Research editors check the accuracy of factual information contained in manuscripts, find additional information to support written material, write and edit, and research new ideas. To become a research editor for a consumer or trade magazine or book publisher, strong writing and editing skills are necessary. Gaining experience editing and performing research for high school and university publications is a good step to get a job as a research editor. Interning is often a good way to get experience in this field.
Most research editors work for print and online magazines, book publishers, medical and scientific journals, and other publications and organizations. Depending upon the size of the publication, the research editor may do all the hands-on fact checking or may supervise a staff of fact checkers or assistant research editors. Smaller publications often do not have formal research editors at all. Instead, this task is a responsibility of lower-level editors.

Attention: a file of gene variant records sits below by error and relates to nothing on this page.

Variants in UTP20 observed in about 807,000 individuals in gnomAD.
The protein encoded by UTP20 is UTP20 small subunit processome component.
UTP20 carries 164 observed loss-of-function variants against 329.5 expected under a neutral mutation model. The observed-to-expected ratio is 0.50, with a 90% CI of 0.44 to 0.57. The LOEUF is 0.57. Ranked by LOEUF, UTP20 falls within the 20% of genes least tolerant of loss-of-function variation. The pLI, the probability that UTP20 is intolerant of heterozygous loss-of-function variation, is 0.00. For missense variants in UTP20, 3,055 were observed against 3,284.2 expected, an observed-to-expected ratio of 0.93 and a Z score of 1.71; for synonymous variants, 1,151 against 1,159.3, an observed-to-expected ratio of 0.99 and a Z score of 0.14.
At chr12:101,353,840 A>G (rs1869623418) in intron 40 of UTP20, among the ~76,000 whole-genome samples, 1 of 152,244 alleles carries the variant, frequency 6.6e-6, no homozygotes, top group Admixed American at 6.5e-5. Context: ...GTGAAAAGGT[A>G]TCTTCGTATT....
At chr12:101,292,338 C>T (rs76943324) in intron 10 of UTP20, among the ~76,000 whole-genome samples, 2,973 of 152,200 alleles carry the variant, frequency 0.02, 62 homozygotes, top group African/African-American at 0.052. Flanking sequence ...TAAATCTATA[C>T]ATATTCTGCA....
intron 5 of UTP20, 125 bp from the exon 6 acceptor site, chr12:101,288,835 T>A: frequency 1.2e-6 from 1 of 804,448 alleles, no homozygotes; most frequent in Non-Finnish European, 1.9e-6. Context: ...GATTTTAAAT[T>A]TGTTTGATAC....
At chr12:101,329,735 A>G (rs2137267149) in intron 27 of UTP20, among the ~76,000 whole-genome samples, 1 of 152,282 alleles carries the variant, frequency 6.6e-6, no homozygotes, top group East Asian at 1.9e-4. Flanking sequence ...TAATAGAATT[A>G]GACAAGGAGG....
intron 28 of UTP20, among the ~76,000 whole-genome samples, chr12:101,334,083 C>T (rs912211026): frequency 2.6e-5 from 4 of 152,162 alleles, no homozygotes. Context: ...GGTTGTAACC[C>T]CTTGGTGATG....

Like other editorial professions, a college degree in journalism, English, mass media, communications, or a related field is usually required to become a research editor. An exception is for research editors working for scientific and medical journals publishing original research. Rather than being educated as journalists, research editors in these areas are often highly educated experts in their fields of publication, with strong communication skills that make them a good fit to work in an editorial field.
That said, the most common way to become a research editor is to first gain experience in a lower-level editorial role or as a writer. Many people start out as editorial assistants, assistant editors, or fact checkers. Sometimes writers, used to performing research when writing articles, move to the editorial side and find that research editing is a good fit. Strong curiosity and interest in the publication's subject matter and the world in general are very important when seeking to become a research editor.
Research editors may work on staff at publications or they may be freelancers. After gaining the appropriate editorial education and experience, finding work involves networking and looking at job ads to find open positions. For freelancers, building up a large network of editorial contacts can open doors to becoming a research editor. Often, freelancers will start out doing fact-checking work. Job boards for freelancers may also provide information about research work.
Another research editing position, often performed by freelancers, is photo editing. Photo research editors identify photographs and images for books and publications, and obtain the necessary use permissions. They also select the final images to be used.